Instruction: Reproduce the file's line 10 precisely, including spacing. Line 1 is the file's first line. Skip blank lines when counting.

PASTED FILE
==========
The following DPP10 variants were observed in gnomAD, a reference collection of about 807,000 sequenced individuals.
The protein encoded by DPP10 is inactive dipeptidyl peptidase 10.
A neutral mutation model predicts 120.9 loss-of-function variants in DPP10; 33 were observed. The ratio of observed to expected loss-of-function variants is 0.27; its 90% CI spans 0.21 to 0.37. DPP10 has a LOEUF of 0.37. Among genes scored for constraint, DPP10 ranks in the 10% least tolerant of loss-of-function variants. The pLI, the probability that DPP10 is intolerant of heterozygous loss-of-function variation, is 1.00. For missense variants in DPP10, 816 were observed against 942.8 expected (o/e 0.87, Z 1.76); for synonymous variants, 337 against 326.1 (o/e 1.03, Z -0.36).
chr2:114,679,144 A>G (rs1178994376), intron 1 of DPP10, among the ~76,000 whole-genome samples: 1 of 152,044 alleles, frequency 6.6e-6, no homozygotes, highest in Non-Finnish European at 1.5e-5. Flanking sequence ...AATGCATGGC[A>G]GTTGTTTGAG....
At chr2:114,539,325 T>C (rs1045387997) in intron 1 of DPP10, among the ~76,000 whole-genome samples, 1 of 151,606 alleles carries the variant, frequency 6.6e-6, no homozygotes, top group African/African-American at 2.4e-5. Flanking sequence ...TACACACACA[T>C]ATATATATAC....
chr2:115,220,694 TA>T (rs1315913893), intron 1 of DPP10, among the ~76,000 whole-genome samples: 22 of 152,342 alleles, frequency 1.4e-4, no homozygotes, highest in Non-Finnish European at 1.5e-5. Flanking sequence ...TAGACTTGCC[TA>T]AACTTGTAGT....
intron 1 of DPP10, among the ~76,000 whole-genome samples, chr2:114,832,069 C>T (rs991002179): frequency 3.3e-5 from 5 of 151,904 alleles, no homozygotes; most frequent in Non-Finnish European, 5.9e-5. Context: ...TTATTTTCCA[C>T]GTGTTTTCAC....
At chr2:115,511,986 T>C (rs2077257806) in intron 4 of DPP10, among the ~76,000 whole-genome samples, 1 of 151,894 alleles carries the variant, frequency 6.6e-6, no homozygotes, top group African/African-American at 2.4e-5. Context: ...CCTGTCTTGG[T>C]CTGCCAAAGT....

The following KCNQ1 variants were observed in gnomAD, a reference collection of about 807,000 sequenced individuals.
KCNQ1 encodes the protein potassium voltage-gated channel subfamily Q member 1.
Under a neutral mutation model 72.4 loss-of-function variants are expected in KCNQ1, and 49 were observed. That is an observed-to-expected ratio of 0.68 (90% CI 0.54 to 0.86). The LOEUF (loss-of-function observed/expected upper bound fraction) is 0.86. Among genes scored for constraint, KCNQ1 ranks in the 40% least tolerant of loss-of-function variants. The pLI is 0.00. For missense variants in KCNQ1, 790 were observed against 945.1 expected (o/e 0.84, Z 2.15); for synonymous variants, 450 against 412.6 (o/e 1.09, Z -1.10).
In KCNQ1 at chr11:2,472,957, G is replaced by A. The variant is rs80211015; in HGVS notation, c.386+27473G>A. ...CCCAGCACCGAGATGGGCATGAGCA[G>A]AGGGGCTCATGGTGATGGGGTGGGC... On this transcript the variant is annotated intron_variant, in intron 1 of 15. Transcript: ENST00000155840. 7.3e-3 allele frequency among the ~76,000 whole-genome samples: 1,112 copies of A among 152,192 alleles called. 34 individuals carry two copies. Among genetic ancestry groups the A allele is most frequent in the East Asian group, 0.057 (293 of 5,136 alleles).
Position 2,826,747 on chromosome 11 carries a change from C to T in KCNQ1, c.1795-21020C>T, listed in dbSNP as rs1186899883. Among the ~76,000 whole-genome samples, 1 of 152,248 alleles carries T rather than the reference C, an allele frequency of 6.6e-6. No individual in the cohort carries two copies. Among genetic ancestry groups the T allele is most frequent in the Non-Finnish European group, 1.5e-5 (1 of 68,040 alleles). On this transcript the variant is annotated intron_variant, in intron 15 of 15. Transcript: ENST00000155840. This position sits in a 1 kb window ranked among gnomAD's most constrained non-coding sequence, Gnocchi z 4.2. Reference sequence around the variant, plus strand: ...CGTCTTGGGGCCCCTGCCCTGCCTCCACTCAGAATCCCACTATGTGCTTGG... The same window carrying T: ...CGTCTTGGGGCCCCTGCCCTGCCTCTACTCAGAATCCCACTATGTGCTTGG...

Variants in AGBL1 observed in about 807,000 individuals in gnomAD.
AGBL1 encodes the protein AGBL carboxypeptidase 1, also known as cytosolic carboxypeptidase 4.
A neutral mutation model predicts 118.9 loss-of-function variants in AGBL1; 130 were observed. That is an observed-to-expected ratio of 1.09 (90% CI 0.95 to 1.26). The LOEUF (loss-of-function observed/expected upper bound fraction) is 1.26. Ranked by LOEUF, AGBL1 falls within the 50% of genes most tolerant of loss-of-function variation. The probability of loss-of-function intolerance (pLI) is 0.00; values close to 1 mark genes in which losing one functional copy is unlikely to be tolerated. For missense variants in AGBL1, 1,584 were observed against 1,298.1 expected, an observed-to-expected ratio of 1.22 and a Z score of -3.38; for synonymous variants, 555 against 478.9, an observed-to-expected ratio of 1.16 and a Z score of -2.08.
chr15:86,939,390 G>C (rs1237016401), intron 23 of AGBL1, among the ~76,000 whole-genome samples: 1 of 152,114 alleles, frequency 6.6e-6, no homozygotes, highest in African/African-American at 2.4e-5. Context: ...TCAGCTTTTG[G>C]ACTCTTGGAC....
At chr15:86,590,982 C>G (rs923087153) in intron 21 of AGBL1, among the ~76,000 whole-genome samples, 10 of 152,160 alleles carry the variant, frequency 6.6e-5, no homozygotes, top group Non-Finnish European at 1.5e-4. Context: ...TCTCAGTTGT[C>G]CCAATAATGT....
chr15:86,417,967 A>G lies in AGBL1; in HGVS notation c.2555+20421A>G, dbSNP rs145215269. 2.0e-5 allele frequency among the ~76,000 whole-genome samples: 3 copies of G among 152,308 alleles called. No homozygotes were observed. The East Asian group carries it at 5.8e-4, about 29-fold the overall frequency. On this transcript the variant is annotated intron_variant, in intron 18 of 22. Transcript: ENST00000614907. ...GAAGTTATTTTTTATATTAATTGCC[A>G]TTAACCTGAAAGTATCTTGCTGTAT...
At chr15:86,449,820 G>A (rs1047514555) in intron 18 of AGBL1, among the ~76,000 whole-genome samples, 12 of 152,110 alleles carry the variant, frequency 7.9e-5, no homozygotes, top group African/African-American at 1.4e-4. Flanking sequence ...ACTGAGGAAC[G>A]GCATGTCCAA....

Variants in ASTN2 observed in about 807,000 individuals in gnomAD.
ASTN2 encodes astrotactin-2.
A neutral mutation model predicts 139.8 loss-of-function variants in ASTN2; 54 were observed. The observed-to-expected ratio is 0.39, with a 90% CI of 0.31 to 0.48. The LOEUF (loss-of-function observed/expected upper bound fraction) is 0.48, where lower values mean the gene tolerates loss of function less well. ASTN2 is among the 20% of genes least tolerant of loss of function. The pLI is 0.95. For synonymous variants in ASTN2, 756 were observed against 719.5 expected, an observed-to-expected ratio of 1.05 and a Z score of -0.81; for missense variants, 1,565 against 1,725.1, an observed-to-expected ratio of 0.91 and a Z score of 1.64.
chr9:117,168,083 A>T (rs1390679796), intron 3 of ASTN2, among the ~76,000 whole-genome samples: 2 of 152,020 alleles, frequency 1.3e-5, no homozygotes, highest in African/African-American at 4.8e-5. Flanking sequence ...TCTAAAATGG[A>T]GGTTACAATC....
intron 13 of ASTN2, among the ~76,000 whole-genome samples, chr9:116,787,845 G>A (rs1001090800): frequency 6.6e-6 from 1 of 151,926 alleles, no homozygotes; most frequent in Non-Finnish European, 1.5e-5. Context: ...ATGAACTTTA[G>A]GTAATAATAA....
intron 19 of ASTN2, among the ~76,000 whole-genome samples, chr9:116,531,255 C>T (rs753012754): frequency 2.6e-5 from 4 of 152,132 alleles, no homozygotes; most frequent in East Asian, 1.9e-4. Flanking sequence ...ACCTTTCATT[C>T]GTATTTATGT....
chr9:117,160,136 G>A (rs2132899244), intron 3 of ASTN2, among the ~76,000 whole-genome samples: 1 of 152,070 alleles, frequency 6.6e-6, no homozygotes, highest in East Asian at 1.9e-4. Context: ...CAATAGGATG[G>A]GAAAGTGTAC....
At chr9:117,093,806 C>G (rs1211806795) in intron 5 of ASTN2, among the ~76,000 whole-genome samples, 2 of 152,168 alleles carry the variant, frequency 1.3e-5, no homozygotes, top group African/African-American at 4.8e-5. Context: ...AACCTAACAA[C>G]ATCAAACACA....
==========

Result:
KCNQ1 encodes the protein potassium voltage-gated channel subfamily Q member 1.